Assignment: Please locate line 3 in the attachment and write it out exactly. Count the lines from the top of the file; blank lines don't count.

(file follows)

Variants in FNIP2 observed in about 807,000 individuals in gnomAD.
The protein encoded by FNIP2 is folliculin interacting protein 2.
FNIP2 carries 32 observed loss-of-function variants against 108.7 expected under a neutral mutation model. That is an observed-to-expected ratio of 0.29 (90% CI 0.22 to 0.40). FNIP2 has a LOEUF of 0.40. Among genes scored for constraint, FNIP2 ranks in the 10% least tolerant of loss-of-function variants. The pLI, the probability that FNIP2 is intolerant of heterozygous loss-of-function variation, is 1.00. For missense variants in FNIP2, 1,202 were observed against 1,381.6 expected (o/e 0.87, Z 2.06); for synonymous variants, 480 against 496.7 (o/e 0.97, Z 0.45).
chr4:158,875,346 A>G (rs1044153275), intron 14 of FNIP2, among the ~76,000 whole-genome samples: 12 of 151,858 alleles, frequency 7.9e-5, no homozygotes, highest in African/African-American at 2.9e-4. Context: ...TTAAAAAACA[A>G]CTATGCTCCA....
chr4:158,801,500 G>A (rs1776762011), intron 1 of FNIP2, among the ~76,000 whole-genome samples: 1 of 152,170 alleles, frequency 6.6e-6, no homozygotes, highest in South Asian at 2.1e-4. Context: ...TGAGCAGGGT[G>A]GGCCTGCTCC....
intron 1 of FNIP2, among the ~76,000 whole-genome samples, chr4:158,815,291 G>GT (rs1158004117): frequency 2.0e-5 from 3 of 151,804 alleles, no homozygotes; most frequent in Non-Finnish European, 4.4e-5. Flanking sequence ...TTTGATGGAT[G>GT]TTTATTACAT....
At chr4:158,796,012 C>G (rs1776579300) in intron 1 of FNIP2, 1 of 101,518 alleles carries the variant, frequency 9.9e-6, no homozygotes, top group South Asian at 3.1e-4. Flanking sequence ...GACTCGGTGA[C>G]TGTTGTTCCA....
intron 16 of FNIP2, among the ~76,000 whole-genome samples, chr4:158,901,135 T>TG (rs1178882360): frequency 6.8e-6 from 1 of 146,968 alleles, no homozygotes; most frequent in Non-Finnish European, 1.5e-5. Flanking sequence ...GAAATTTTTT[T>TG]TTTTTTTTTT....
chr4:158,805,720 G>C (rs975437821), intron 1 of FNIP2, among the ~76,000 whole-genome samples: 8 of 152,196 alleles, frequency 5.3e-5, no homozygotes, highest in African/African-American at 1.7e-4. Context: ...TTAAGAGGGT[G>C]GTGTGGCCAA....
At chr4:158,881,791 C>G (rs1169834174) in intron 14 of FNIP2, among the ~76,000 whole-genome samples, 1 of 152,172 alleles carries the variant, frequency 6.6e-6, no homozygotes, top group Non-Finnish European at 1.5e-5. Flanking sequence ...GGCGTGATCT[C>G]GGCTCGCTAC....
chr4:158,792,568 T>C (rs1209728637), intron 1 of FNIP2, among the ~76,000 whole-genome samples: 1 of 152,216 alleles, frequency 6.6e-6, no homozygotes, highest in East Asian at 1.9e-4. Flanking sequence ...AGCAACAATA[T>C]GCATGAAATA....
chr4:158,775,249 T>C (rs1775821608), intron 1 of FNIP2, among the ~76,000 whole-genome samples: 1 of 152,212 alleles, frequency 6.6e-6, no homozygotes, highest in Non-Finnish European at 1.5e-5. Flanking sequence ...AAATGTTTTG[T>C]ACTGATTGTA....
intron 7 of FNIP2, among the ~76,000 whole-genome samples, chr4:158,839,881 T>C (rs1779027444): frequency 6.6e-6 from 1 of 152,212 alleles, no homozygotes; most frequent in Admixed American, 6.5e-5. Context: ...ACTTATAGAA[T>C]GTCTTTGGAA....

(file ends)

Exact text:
FNIP2 carries 32 observed loss-of-function variants against 108.7 expected under a neutral mutation model. That is an observed-to-expected ratio of 0.29 (90% CI 0.22 to 0.40). FNIP2 has a LOEUF of 0.40. Among genes scored for constraint, FNIP2 ranks in the 10% least tolerant of loss-of-function variants. The pLI, the probability that FNIP2 is intolerant of heterozygous loss-of-function variation, is 1.00. For missense variants in FNIP2, 1,202 were observed against 1,381.6 expected (o/e 0.87, Z 2.06); for synonymous variants, 480 against 496.7 (o/e 0.97, Z 0.45).